All employers are aware of the need to constantly foster talent and ensure that new recruits can add an extra dimension to the workforce. Attracting and retaining the best talent is at the heart of every successful organisation.
However, one unavoidable truth in the modern employment landscape is that a distinct shortage of skills exists. Almost every day, we read about organisations that are unable to attract the talent they need to succeed.
The majority of employers will take great pride in their openness and flexibility when it comes to attracting new talent, but at the same time they can be hesitant when actively hiring certain candidates, such as people with disabilities.
Hiring and accommodating individuals with disability may require greater care, but at the same time the potential return is even greater, in the form of a motivated and ambitious employee base with excellent potential waiting to be explored, and contributing to a diverse workforce.
Talent pooling, talent pipelining and skills shortages are some of the talked-about topics in the corporate world, with most organisations having an eye on accessing untapped or under-tapped talent pools.
Despite this, there is one talent pool that can often be overlooked – the seven million working age individuals in the UK who are classified as disabled.
Those with disabilities can often be disqualified from employment by organisations, not necessarily because organisations are not interested in hiring them, but because they are scared of getting it wrong.
From talent management strategies through to the job application procedure, many hiring processes can discourage people with certain impairments from effective participation, which means employers can miss out on hiring the best talent for an advertised position.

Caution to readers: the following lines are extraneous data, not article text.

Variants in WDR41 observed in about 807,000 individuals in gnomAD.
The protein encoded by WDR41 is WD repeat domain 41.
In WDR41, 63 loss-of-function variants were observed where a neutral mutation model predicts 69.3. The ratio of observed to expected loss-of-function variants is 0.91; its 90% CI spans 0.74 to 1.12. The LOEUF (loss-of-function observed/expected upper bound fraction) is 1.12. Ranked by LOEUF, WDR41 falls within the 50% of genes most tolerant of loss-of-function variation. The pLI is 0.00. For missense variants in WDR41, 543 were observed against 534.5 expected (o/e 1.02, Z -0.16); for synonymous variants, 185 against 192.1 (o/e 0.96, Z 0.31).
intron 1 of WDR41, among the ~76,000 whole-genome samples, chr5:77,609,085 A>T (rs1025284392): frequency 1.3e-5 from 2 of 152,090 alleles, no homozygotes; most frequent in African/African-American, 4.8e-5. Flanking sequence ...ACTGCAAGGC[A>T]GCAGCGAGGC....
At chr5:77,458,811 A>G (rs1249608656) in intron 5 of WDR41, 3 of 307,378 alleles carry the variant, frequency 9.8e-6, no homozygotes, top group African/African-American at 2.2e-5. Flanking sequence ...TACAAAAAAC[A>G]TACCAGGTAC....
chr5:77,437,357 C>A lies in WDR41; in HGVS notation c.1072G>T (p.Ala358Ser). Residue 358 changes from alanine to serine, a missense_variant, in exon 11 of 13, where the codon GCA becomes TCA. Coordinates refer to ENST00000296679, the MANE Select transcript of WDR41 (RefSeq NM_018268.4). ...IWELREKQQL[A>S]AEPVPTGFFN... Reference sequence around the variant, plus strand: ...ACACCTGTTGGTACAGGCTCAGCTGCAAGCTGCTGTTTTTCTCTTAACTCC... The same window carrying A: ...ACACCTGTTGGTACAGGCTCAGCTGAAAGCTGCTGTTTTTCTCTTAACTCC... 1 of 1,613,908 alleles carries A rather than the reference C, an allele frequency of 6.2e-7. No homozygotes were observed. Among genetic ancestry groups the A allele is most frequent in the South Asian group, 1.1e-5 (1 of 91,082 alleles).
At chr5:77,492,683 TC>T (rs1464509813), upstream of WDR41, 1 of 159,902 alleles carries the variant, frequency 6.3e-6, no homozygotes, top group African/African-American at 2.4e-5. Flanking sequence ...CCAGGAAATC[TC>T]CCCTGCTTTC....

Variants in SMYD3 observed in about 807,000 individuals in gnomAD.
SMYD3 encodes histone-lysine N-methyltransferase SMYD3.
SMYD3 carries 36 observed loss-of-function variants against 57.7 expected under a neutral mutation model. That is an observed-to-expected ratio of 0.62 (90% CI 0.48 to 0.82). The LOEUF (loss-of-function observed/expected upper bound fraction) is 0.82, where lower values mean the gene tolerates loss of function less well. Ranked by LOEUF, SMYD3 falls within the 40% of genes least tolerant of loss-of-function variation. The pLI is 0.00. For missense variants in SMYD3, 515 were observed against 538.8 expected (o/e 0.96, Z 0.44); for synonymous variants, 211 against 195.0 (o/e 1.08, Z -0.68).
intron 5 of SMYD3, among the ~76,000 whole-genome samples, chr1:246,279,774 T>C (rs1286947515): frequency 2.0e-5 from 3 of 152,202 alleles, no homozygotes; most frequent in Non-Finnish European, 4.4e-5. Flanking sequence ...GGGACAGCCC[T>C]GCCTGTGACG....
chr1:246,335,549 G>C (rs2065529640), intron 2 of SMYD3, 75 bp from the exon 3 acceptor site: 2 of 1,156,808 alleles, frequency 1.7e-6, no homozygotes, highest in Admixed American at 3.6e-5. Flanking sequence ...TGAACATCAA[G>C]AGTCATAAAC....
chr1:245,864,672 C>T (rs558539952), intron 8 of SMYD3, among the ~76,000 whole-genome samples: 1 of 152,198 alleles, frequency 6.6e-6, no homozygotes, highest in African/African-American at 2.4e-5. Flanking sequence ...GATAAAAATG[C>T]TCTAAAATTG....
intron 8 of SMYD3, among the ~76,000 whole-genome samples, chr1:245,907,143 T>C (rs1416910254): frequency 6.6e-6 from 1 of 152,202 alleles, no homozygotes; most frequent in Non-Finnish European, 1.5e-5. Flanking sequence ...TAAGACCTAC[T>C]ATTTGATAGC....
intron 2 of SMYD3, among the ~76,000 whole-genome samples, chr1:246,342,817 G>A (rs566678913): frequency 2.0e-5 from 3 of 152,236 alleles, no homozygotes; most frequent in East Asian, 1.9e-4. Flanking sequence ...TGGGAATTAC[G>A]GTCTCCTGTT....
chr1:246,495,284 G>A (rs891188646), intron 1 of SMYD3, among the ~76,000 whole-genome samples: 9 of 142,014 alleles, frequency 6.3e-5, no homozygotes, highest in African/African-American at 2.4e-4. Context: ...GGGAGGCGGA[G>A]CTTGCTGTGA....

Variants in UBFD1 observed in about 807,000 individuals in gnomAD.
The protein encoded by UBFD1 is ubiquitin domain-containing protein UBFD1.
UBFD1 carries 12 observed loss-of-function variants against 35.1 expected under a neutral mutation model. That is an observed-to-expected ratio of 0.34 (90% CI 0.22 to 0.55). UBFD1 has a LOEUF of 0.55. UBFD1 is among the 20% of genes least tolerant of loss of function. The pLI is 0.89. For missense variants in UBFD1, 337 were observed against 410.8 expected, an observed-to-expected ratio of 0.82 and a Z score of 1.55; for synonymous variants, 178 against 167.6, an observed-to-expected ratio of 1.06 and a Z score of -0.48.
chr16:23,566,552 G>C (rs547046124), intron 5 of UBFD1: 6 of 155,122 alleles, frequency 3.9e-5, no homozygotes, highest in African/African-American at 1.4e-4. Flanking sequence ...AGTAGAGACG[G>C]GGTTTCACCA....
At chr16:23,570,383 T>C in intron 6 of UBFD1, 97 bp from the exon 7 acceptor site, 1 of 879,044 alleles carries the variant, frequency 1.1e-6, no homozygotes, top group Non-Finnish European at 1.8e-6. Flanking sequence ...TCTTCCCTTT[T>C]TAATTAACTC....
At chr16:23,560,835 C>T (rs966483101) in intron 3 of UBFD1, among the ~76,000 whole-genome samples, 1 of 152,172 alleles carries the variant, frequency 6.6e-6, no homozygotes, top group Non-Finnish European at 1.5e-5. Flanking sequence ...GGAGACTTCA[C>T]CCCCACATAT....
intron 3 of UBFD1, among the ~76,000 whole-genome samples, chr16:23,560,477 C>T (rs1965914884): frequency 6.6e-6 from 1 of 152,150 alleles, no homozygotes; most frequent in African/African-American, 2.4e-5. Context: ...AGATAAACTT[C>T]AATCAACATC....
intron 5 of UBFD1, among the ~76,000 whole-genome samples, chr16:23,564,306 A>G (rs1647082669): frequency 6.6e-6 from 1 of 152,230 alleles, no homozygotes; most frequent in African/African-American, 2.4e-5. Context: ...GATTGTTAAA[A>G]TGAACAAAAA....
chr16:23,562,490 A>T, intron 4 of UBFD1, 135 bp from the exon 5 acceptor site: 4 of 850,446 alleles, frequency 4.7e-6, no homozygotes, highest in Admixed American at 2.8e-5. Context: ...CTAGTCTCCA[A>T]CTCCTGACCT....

We often hear about employees being a great business asset, but if staff are so important to an organisation, why is such a huge talent pool being overlooked and underutilised?
In order to fully embrace workplace diversity, organisations need to follow a more open approach to recruiting.
Furthermore, being an equal opportunities employer means that you are offering equal employment opportunities to everyone irrespective of their race, religion, nationality, colour, gender or physical or mental disability.
In order to build a talent pool of people with disabilities, organisations need to actively focus on it as a corporate goal. Those committed to sustainable diversity policies recognise disabled talent as an untapped source, which is not only the right thing to do, but makes absolute business sense.